Hermin/Shutterstock
Source: Hermin/Shutterstock

With gay marriage now legal nationwide, many (like William Baude in the New York Times) are now wondering if legalized polygamy may be next, and some (like Fredrik Deboer in Politico) are suggesting that it should be.

Should it?

As Baude points out in his op-ed, polygamy should remain illegal because it would increase gender inequality and social instability:

"Judge Richard A. Posner of the United States Court of Appeals for the Seventh Circuit rejected a right to plural marriage because it would lead to gender imbalances if ‘the five wealthiest men have a total of 50 wives.’ Similarly, the same-sex marriage advocate Jonathan Rauch has argued that polygamy allows ‘high-status men to hoard wives’ and destabilizes society."

Note that Posner and Rauch are assuming that the most common type of legal polygamous marriage would be one husband with multiple wives (polygyny), as opposed to one wife with multiple husbands (polyandry). They’re also not considering more complex types of plural marriage (e.g. multi-male multi-female), or homosexual plural marriage. (Nor will I consider these two latter types here; they're relevant but beyond the scope of this post.)

Is it safe to assume that most polygamous heterosexual marriage would indeed involve one husband with multiple wives? Probably, as this chimes with the evidence about how people tend to mate cross-culturally. Historically, polygamy was permitted in the vast majority of cultures; in these cultures, polygyny was far more common than polyandry. Still, even within cultures that permit polygyny, it is much less common than monogamous marriage, in part because it can be difficult to attract more than one spouse, even if you'd want to. (Note also that polyandry rates may be underestimated in the anthropological record.)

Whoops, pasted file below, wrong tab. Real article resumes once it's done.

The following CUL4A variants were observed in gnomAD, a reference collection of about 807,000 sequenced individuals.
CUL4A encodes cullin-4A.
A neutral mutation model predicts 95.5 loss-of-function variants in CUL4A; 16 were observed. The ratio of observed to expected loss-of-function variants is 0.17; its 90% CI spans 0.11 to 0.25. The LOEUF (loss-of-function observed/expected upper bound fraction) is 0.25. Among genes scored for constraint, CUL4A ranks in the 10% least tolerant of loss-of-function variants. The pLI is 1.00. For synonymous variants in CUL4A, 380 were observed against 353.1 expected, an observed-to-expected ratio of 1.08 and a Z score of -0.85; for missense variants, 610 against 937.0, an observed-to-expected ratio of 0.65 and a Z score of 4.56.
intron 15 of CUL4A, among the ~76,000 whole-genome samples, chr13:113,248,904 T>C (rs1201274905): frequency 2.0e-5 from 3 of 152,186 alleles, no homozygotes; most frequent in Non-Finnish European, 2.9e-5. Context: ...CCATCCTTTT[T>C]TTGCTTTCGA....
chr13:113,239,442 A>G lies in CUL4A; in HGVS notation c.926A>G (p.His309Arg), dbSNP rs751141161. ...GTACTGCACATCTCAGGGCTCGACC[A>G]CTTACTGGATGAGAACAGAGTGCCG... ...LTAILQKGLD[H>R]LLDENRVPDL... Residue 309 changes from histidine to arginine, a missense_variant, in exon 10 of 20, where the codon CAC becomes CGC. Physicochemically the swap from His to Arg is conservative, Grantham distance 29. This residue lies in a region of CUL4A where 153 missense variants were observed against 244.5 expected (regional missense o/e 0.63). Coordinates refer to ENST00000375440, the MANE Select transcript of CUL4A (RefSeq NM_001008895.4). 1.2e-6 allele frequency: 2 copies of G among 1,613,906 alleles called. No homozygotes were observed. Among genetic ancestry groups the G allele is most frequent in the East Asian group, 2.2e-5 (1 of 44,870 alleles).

Why is polygyny more common than other forms of plural marriage? Because of how humans are psychologically adapted for mating. The evolutionary reproductive benefits of having more than one spouse were higher for men than women. In 1972 [1], biologist Robert Trivers outlined the foundational reason for this: For men more than women, reproductive success is limited by number of mates. A man with many wives can produce many children per nine months, whereas a woman can usually produce only one, whether she has one husband or 100. Females certainly may obtain other kinds of reproductive benefits (like resources for their own children) from mating with multiple males, but these benefits are less straightforward than actual additional offspring. Relatedly, the reproductive costs of having more than one spouse are lower for women than for men. If a man's wife becomes pregnant by his co-husband, he'll have to wait a long time—nine months plus an inter-birth interval that in hunter-gatherer societies averages 3.25 years [2]—for his turn to reproduce. If a woman's husband impregnates her co-wife, he can immediately impregnate her, too. She may suffer other reproductive costs from having to share a husband (like receiving a smaller proportion of his resources for her own children), but these costs are less severe than not being able to reproduce at all for four years.